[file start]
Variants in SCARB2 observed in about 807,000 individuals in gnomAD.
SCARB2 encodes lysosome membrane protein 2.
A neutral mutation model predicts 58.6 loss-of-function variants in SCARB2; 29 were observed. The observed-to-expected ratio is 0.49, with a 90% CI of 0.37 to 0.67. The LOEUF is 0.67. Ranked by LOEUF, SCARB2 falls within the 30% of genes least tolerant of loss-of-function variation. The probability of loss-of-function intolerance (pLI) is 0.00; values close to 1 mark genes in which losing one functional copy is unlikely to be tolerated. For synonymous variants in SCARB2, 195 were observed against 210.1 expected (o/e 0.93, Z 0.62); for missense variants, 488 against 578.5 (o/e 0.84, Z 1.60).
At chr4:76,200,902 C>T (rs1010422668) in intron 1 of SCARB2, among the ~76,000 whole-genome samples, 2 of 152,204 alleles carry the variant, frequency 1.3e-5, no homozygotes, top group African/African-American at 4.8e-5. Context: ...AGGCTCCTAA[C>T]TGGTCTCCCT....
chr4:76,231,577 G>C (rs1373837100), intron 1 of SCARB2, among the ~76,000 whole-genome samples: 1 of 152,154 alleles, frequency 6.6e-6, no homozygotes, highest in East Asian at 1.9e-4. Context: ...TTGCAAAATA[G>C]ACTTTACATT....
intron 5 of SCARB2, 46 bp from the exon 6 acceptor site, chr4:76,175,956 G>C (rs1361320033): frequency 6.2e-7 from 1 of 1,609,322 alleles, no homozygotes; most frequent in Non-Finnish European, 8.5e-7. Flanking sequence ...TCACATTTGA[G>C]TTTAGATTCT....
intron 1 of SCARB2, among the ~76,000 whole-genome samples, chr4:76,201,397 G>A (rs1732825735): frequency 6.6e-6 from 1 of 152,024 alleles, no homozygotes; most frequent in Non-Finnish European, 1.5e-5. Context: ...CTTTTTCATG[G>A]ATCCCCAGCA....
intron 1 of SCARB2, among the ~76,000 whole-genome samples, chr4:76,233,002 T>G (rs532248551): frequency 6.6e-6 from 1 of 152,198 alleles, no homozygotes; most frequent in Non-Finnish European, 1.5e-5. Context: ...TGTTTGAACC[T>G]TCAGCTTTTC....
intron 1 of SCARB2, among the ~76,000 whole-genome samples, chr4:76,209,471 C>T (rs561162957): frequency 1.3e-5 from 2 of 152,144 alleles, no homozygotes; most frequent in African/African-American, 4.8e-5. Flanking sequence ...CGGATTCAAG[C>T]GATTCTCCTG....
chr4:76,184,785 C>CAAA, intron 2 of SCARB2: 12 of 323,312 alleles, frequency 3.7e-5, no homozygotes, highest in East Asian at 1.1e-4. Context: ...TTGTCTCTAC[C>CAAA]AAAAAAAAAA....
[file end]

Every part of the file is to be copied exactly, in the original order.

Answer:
Variants in SCARB2 observed in about 807,000 individuals in gnomAD.
SCARB2 encodes lysosome membrane protein 2.
A neutral mutation model predicts 58.6 loss-of-function variants in SCARB2; 29 were observed. The observed-to-expected ratio is 0.49, with a 90% CI of 0.37 to 0.67. The LOEUF is 0.67. Ranked by LOEUF, SCARB2 falls within the 30% of genes least tolerant of loss-of-function variation. The probability of loss-of-function intolerance (pLI) is 0.00; values close to 1 mark genes in which losing one functional copy is unlikely to be tolerated. For synonymous variants in SCARB2, 195 were observed against 210.1 expected (o/e 0.93, Z 0.62); for missense variants, 488 against 578.5 (o/e 0.84, Z 1.60).
At chr4:76,200,902 C>T (rs1010422668) in intron 1 of SCARB2, among the ~76,000 whole-genome samples, 2 of 152,204 alleles carry the variant, frequency 1.3e-5, no homozygotes, top group African/African-American at 4.8e-5. Context: ...AGGCTCCTAA[C>T]TGGTCTCCCT....
chr4:76,231,577 G>C (rs1373837100), intron 1 of SCARB2, among the ~76,000 whole-genome samples: 1 of 152,154 alleles, frequency 6.6e-6, no homozygotes, highest in East Asian at 1.9e-4. Context: ...TTGCAAAATA[G>C]ACTTTACATT....
intron 5 of SCARB2, 46 bp from the exon 6 acceptor site, chr4:76,175,956 G>C (rs1361320033): frequency 6.2e-7 from 1 of 1,609,322 alleles, no homozygotes; most frequent in Non-Finnish European, 8.5e-7. Flanking sequence ...TCACATTTGA[G>C]TTTAGATTCT....
intron 1 of SCARB2, among the ~76,000 whole-genome samples, chr4:76,201,397 G>A (rs1732825735): frequency 6.6e-6 from 1 of 152,024 alleles, no homozygotes; most frequent in Non-Finnish European, 1.5e-5. Context: ...CTTTTTCATG[G>A]ATCCCCAGCA....
intron 1 of SCARB2, among the ~76,000 whole-genome samples, chr4:76,233,002 T>G (rs532248551): frequency 6.6e-6 from 1 of 152,198 alleles, no homozygotes; most frequent in Non-Finnish European, 1.5e-5. Context: ...TGTTTGAACC[T>G]TCAGCTTTTC....
intron 1 of SCARB2, among the ~76,000 whole-genome samples, chr4:76,209,471 C>T (rs561162957): frequency 1.3e-5 from 2 of 152,144 alleles, no homozygotes; most frequent in African/African-American, 4.8e-5. Flanking sequence ...CGGATTCAAG[C>T]GATTCTCCTG....
chr4:76,184,785 C>CAAA, intron 2 of SCARB2: 12 of 323,312 alleles, frequency 3.7e-5, no homozygotes, highest in East Asian at 1.1e-4. Context: ...TTGTCTCTAC[C>CAAA]AAAAAAAAAA....